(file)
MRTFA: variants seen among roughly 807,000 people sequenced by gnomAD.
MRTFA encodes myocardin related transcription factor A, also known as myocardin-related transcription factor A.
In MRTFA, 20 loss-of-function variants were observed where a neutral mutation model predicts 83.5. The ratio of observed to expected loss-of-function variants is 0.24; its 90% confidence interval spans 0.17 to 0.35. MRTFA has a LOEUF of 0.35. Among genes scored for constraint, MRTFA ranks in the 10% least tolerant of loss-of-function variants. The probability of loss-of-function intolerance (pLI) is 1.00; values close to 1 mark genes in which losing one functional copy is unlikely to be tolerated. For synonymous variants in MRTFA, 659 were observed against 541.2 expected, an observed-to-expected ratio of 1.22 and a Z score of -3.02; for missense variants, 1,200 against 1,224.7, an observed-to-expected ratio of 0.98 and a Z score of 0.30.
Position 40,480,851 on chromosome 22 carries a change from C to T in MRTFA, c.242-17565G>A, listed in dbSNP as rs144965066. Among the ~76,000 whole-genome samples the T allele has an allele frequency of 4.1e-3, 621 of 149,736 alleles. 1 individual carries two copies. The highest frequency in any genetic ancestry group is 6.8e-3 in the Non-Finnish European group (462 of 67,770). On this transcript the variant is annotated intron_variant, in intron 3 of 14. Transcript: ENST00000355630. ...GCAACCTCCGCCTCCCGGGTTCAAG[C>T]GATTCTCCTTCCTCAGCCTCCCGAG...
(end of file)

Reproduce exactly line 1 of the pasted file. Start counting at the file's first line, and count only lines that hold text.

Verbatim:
MRTFA: variants seen among roughly 807,000 people sequenced by gnomAD.